Finally, Conan’s last show will be on Friday. This is such bullshit. Conan is funnier than Jay has ever been. Jay Leno left The Tonight Show because he wanted more money in prime time. He bombed. And now he’s being rewarded by getting his old job back? Fuck him. If I left my job and my job was filled–with a talented person with a contract–I wouldn’t get my job back after I totally failed at the other job.

In fact, am now boycotting Jay Leno. Yes, he joins Domino’s, Six Flags, Coors, Continental Airlines, and Long John Silvers.

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New Column!
Jan 20th, 2010 by Dr Karma

My new matchflick column is up. http://www.matchflick.com/column/2089

And I’m sorry I haven’t written lately. I’m down with a cold (and with teaching and with the rain). Luckily, I wrote this column two weeks early.

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In Praise of The Simpsons
Jan 9th, 2010 by Dr Karma

simpsons-20Living under a rock? Then you might not know that The Simpsons is celebrating its 20th anniversary tomorrow. (More importantly, you may want to reconsider your living arrangements. And how are you getting the internet under there?)

Tomorrow night my family will gather around the tv, which has spent more time raising the boy than I have, to enjoy the 450th episode of this groundbreaking series, followed by Morgan Spurlock’s documentary.

As some readers know, I talked to one of the producers of the documentary. (And she said she found my name in her first day of research!) Du and I were hoping to get into the documentary. We’re superfans, right? I mean, our book on The Simpsons is coming out in May and is available for preorder: http://www.amazon.com/Simpsons-Classroom-Embiggening-Experience-Springfield/dp/0786444908/ref=sr_1_1?ie=UTF8&s=books&qid=1263072262&sr=1-1 (See what I did there; it’s all about subtlety.) embiggening

Apparently, Du and I are not crazy enough. Well, we are, but it’s not that apparent upon just talking to us for a few minutes–we’re a simmering and longer-lasting kind of crazy. But we don’t have our whole back tatooed with images from the show. Who does? Watch the documentary and find out.

A few notes on the anniversary: if you’re counting from the first time the Simpsons family was on the air, the 20th anniversary would have been April 19th, 2007 (we first saw the Simpsons on The Tracey Ullman Show). If you’re counting from the first time the show was on the air, the anniversary would have been December 17th, 2009 (the first full-length episode was “Simpsons Roasting on an Open Fire“). Sunday night is relatively close to the next possible anniversary date, January 14th, when “Bart the Genius” appeared.

I know, I know, I sound like Comic Book Guy (Jeff Anderson). Well, I sound like him in nerdy-knowledge, but a lot of other bloggers out there sound like him in their constant irritable yammering about how The Simpsons isn’t funny anymore and about how it shouldn’t be on the air. Even my own boyfriend complains about The Simpsons–he got irritated with the show a few years ago when they had too many un-funny guest stars. Admittedly, there have been a few irritating guest stars, mostly of the sports-variety (they don’t card read good). Luckily, the show has gotten better on this particular front.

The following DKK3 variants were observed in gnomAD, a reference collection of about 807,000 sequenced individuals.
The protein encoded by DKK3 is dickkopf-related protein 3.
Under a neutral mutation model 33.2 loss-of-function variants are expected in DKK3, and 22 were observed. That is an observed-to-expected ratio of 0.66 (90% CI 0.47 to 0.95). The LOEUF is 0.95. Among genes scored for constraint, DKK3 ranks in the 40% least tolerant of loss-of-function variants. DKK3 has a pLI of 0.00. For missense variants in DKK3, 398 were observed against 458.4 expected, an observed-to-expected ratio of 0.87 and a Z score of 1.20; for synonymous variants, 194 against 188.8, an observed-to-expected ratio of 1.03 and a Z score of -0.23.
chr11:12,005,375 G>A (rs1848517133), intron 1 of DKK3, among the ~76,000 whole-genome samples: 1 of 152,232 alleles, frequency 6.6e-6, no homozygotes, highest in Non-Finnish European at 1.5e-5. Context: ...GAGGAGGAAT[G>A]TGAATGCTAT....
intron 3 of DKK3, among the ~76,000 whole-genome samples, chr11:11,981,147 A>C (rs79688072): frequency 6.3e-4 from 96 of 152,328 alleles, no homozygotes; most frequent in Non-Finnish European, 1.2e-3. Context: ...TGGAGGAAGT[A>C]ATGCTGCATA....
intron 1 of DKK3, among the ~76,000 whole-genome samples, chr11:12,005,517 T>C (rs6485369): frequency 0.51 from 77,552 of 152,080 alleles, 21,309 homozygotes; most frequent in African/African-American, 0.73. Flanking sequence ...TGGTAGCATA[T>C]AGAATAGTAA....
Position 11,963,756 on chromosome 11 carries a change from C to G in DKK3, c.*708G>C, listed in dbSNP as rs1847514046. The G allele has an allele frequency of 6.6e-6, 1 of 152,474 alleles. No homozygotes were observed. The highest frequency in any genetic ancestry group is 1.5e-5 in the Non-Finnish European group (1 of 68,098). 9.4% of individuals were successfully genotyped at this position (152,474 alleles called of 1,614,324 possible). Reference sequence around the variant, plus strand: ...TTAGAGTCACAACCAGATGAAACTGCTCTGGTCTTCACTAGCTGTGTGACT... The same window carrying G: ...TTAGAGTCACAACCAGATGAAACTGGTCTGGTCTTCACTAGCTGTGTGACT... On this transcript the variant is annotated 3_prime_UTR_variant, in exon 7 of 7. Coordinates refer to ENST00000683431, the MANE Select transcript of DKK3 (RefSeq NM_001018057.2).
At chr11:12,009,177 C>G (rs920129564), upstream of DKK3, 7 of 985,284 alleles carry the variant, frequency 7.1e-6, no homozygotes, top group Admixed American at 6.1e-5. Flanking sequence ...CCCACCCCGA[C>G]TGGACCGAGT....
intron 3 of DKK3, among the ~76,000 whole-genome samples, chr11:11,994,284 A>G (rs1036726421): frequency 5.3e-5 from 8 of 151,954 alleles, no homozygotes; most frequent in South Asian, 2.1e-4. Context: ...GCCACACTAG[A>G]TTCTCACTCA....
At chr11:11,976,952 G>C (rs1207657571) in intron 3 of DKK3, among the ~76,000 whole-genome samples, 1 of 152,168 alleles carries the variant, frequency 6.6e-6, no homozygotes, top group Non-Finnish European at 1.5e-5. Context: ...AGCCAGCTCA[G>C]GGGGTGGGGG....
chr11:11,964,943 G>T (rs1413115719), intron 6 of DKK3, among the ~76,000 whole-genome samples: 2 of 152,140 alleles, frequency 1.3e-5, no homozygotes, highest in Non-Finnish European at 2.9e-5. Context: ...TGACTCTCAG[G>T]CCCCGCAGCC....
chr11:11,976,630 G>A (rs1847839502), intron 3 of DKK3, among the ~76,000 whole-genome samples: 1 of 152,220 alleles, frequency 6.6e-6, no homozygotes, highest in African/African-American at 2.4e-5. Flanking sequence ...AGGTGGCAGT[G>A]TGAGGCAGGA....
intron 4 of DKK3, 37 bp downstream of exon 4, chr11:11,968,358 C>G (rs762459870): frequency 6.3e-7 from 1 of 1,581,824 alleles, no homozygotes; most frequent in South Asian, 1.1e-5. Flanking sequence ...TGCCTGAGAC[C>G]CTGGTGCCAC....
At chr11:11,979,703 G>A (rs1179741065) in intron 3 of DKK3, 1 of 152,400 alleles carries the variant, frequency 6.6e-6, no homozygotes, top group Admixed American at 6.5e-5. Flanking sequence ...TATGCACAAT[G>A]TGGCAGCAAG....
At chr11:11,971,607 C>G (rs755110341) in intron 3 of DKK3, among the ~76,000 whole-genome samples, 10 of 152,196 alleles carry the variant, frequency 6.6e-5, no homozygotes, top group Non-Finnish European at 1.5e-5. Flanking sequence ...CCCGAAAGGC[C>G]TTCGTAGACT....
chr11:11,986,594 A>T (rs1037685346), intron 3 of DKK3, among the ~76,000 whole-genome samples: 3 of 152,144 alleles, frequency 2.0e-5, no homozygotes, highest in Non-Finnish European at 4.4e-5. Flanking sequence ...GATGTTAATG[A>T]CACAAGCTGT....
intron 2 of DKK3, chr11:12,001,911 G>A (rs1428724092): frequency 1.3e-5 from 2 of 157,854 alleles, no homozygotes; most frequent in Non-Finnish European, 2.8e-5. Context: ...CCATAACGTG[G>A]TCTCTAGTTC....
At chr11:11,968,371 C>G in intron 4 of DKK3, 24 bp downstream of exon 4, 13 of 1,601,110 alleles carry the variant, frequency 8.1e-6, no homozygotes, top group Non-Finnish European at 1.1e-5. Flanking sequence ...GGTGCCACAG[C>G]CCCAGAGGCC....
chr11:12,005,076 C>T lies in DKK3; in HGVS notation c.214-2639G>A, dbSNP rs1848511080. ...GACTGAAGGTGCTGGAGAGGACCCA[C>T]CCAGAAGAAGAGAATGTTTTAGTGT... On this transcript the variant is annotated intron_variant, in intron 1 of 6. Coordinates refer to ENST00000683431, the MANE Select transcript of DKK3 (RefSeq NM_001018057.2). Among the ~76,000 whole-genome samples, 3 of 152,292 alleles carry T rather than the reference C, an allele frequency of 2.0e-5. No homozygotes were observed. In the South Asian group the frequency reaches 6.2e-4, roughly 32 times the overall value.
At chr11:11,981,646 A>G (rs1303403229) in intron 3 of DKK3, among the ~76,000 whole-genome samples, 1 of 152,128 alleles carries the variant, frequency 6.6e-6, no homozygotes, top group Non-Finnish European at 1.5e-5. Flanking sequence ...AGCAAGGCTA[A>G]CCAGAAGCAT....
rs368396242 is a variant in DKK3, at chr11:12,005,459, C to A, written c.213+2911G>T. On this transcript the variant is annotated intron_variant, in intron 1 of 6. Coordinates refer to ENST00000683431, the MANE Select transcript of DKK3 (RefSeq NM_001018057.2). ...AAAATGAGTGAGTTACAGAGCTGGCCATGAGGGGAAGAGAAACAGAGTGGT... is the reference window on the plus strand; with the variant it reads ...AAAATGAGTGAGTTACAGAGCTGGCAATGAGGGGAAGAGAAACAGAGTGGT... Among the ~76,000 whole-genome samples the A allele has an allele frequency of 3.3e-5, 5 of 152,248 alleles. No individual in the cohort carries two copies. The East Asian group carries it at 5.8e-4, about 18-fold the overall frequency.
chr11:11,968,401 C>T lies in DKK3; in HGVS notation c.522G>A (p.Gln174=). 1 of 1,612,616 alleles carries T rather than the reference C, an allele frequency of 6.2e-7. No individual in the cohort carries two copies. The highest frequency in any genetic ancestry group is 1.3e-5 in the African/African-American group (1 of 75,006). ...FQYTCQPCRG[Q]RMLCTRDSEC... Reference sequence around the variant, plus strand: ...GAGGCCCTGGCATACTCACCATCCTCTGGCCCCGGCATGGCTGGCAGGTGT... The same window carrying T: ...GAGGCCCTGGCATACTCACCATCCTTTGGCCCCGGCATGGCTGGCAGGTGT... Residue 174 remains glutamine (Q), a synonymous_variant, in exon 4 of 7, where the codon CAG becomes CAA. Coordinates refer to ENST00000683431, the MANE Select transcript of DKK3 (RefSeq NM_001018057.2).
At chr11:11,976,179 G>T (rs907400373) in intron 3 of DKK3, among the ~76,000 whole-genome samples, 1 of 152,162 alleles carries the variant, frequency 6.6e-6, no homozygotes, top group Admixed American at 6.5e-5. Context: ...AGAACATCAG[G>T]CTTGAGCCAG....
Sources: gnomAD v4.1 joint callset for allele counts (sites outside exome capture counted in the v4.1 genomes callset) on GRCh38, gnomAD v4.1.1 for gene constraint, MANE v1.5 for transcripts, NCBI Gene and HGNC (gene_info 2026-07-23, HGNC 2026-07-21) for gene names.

But I want to address the critics’ repeated concerns. First, if you think the show shouldn’t be on anymore, don’t watch it. Some of us do still enjoy it, so let us have it. However, when you turn from The Simpsons, don’t be surprised when you realize that the vast (vast) majority of what’s on television doesn’t even deserve a discussion about continuing quality, as it never had quality in the first place.

Let’s address the quality issue. Some argue that The Simpsons isn’t funny anymore. I will agree with most critics that Seasons 4-8 were amazing (the Conan years were the best!), but there were some duds then and some winners then. There are dud episodes now, but there are some winners, too.

In fact, I don’t think the show has changed all that much. We’ve changed though. Yes, like Kent Brockman, I’m placing the blame squarely on you, the viewer! Think back to those early years of The Simpsons–it was innovative and scandalous not because of anything inherent, but because we found it so. It was new–we were shocked & pleased. Arguably, The Simpsons and our reaction to it changed television. Now we have South Park and Family Guy and the myriad shows on Adult Swim. Those shows often seem to be the innovative and scandalous things we long for. But note how the older a show becomes, the less scandalous we find it.

A show can only push an envelope in the beginning. Then we get used to the new position of the envelope and something else has to come along to push it into a new place. That doesn’t mean the show changes or gets less funny. In fact, it means the opposite–the show is the same–our expectations have shifted. The Simpsons and South Park often seem quaint today compared to newer shows because we have become immune to their brand of shock. That’s what repeated innoculations do.

I will readily admit that I’ve changed as a viewer. I’m not the same person I was in 1989. I have become desensitized to a lot. But I still believe that The Simpsons is superior to its cartoon progeny. Why? Because it’s still well-written. Because I actually care about the characters and the community it’s built (I actively dislike most of the characters on Family Guy, in comparison, no matter how funny the constant references to the popular culture of my childhood are). I enjoy watching the shows repeatedly–the layers of jokes and references in the show are unparalleled in contemporary cartoons (Arrested Development came close in the non-cartoon world). Thus, I see new things every time I watch. While jokes may be funny on the second viewing of the other shows, I don’t see anything new in the watching.

The Simpsons provides us with a language we speak, a perfectly cromulent language in fact. It gives us something to talk about with people from other cultures–laughter is universal & so is laughing with the show. And please don’t forget, whatever  you think about the show now, that The Simpsons paved the way for the currently edgy shows you love. Wanna take bets on whether your favorite show will reach 450 episodes?

I didn’t think so.

Happy Anniversary, The Simpsons!

Love, Karma your_image1